If we are the leaders of the free world, why aren't we leading?
Posted by Pete Bardo (687 comments )
Reply Link Flag
The technology to do this does not exist.
First, I love how they cry "think of the children" when they need to pass something like this.

I still stand by my position that they need to clarify exactly which data they intend to retain, but:

It would be impossible to cache actual content that has been downloaded by subscribers and will never become possible.

They could monitor content people surf by monitoring client DNS queries on ISP's caching name servers, but the opposition would simply bypass this by setting up free anon name servers.

The technology to monitor all IP traffic at the router level _does_not_exist_ and would be very difficult to establish.

The technology to monitor which users have which IP addresses is in use today with a ~6 month retention, if they only wanted to extend the retention time for _that_ data it would be fairly trivial in comparison.

I get the impression that if that is all they wanted to retain they would have just said so, right??

besides, the statement "keep records of their customers' activities" would explicitly imply they are looking to do more than log IP address/user/time.

So just _what_ do they want to retain and how do they plan to do it?

Also, how long before this child protection tool becomes and anti-terrorism tool and they begin investigating people becasue they don't like what they are saying? Sounds like another country *cough China* I have heard of.
Posted by Dachi (797 comments )
Reply Link Flag
McCarthy Lives on in anti-kiddie porn movement
Welcome to the new McCarthy Era - not Eugene McCarthy - but
old Tailgunner Joe McCarthy of the House UnAmerican Activities
Committee days - blackballing people, ruining lives with
unfounded accusations and J. Edgar Hoover creating dossiers on
American citizens simply because they dissented with the
current administration - or worse, with HIM.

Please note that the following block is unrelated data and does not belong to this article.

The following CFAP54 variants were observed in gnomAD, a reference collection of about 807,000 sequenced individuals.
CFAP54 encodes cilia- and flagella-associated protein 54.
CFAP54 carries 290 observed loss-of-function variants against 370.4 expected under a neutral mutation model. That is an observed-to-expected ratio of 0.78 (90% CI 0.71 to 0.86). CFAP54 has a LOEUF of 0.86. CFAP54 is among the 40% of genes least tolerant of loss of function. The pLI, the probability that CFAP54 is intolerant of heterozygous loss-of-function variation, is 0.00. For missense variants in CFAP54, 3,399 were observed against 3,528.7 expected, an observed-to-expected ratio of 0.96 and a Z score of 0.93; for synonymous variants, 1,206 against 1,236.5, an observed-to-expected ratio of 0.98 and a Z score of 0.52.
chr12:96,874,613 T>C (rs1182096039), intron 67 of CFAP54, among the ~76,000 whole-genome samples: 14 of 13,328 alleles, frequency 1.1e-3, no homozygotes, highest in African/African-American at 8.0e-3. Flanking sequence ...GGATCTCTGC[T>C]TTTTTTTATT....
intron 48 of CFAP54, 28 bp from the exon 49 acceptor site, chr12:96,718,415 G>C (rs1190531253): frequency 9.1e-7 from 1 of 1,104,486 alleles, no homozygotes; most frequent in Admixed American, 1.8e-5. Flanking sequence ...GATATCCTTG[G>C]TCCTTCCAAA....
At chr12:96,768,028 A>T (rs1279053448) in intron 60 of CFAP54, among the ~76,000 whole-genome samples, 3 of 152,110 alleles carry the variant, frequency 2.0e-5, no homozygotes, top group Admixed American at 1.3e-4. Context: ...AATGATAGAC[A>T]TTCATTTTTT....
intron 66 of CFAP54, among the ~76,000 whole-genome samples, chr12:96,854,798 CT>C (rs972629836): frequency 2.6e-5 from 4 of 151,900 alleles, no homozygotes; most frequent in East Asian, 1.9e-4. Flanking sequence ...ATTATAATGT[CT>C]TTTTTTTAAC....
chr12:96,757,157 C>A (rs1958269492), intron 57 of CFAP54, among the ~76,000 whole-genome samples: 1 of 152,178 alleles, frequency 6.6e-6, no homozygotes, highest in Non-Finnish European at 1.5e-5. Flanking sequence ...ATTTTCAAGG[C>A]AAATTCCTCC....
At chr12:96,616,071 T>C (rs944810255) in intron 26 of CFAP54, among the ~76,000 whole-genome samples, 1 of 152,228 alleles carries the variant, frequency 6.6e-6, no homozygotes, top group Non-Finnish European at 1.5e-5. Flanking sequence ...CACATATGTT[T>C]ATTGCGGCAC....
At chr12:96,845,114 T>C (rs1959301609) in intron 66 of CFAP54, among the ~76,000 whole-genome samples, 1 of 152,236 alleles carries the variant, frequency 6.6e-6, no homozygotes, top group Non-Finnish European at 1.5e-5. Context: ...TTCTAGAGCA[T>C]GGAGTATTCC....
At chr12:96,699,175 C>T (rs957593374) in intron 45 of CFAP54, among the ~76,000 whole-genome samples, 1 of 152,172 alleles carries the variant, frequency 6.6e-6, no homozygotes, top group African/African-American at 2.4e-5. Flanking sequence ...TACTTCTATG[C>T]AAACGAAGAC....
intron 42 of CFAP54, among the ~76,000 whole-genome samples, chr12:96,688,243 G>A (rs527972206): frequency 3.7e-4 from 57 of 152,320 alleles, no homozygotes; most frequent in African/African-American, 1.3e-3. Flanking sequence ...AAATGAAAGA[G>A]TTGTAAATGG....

It's why we have rules about having to get a warrant to wiretap
someone's phone... oops, that's gone now...

It's why we have the right to a quick and speedy trial before a
jury of our peers... oops, that's gone if you are ACCUSED of
being a terrorist...

It's why we have the right of habeas corpus... oops, that's gone if
one is accused of being a terrorist...

It's why a person's criminal record is supposedly kept out of the
public eye ... oops, that went away with the Sex Offender
Registries - even if someone is later proven NOT to have been
an offender, getting their name removed from those lists is
almost impossible...

Yep, the blacklists are back and Congress seems hell-bent on
repeating history...

Sure, it's important to protect the cildren, don't get me wrong -
but we must also protect the privacy and the rights of our
citizens from the invasive intrusion of the government. Ask
anyone who has shown up on the TSA Suspect List incorrectly -
like a Rabbi who has the same name as a terrorist suspect, for

Same thing, different list, same people that will be prosecuting
from it and using it to screw up people's lives.

America, right or wrong? Nope. America - if it's wrong - FIX IT!
And this is WRONG.

There are better ways to protect our children than creating a
database and dossiers on American citizens. That's been done
before and it took over thirty years for the fallout to clear from
THAT fiasco! We do NOT need to repeat history.

Lee Darrow
Chicago, IL
Posted by mstrhypno (49 comments )
Reply Link Flag
Thank you, I agree completely.
It is McCarthyism and Salem witch trialism all over again, sadly, but this has a more prominenant chance of being permanent, or around for a very long time.